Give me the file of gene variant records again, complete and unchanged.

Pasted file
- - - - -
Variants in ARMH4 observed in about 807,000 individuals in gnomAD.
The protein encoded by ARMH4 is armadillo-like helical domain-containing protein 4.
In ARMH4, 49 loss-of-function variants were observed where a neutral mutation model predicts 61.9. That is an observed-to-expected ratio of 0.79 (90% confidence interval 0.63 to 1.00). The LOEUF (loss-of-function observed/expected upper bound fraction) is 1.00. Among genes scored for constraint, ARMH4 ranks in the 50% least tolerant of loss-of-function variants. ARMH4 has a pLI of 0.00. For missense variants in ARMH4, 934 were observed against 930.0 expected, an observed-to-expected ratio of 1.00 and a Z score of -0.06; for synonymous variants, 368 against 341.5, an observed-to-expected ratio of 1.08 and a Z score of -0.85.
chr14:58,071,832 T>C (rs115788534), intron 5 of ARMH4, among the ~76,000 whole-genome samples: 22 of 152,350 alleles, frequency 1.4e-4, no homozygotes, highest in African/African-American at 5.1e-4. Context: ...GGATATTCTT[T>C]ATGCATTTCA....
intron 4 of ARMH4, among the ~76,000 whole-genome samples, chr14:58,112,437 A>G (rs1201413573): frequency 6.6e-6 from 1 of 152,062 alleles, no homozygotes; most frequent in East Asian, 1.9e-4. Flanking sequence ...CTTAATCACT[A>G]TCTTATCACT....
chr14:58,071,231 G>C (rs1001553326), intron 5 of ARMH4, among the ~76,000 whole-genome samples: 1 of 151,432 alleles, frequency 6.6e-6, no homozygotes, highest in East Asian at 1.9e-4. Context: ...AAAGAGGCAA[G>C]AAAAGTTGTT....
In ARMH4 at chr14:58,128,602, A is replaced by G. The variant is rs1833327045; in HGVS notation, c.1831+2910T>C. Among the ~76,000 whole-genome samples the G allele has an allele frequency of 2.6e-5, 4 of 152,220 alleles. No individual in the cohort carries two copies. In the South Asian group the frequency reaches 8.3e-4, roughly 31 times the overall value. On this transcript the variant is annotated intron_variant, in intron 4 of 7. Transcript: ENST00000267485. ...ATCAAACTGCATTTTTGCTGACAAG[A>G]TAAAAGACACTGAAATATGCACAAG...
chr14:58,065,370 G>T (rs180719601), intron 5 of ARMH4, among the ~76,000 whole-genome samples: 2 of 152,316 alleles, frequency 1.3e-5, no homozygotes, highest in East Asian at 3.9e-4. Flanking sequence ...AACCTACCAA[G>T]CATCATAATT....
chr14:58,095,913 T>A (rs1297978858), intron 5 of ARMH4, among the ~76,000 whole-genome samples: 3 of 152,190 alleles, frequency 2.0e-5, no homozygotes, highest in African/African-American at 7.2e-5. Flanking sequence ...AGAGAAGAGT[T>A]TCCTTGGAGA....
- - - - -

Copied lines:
Variants in ARMH4 observed in about 807,000 individuals in gnomAD.
The protein encoded by ARMH4 is armadillo-like helical domain-containing protein 4.
In ARMH4, 49 loss-of-function variants were observed where a neutral mutation model predicts 61.9. That is an observed-to-expected ratio of 0.79 (90% confidence interval 0.63 to 1.00). The LOEUF (loss-of-function observed/expected upper bound fraction) is 1.00. Among genes scored for constraint, ARMH4 ranks in the 50% least tolerant of loss-of-function variants. ARMH4 has a pLI of 0.00. For missense variants in ARMH4, 934 were observed against 930.0 expected, an observed-to-expected ratio of 1.00 and a Z score of -0.06; for synonymous variants, 368 against 341.5, an observed-to-expected ratio of 1.08 and a Z score of -0.85.
chr14:58,071,832 T>C (rs115788534), intron 5 of ARMH4, among the ~76,000 whole-genome samples: 22 of 152,350 alleles, frequency 1.4e-4, no homozygotes, highest in African/African-American at 5.1e-4. Context: ...GGATATTCTT[T>C]ATGCATTTCA....
intron 4 of ARMH4, among the ~76,000 whole-genome samples, chr14:58,112,437 A>G (rs1201413573): frequency 6.6e-6 from 1 of 152,062 alleles, no homozygotes; most frequent in East Asian, 1.9e-4. Flanking sequence ...CTTAATCACT[A>G]TCTTATCACT....
chr14:58,071,231 G>C (rs1001553326), intron 5 of ARMH4, among the ~76,000 whole-genome samples: 1 of 151,432 alleles, frequency 6.6e-6, no homozygotes, highest in East Asian at 1.9e-4. Context: ...AAAGAGGCAA[G>C]AAAAGTTGTT....
In ARMH4 at chr14:58,128,602, A is replaced by G. The variant is rs1833327045; in HGVS notation, c.1831+2910T>C. Among the ~76,000 whole-genome samples the G allele has an allele frequency of 2.6e-5, 4 of 152,220 alleles. No individual in the cohort carries two copies. In the South Asian group the frequency reaches 8.3e-4, roughly 31 times the overall value. On this transcript the variant is annotated intron_variant, in intron 4 of 7. Transcript: ENST00000267485. ...ATCAAACTGCATTTTTGCTGACAAG[A>G]TAAAAGACACTGAAATATGCACAAG...
chr14:58,065,370 G>T (rs180719601), intron 5 of ARMH4, among the ~76,000 whole-genome samples: 2 of 152,316 alleles, frequency 1.3e-5, no homozygotes, highest in East Asian at 3.9e-4. Flanking sequence ...AACCTACCAA[G>T]CATCATAATT....
chr14:58,095,913 T>A (rs1297978858), intron 5 of ARMH4, among the ~76,000 whole-genome samples: 3 of 152,190 alleles, frequency 2.0e-5, no homozygotes, highest in African/African-American at 7.2e-5. Flanking sequence ...AGAGAAGAGT[T>A]TCCTTGGAGA....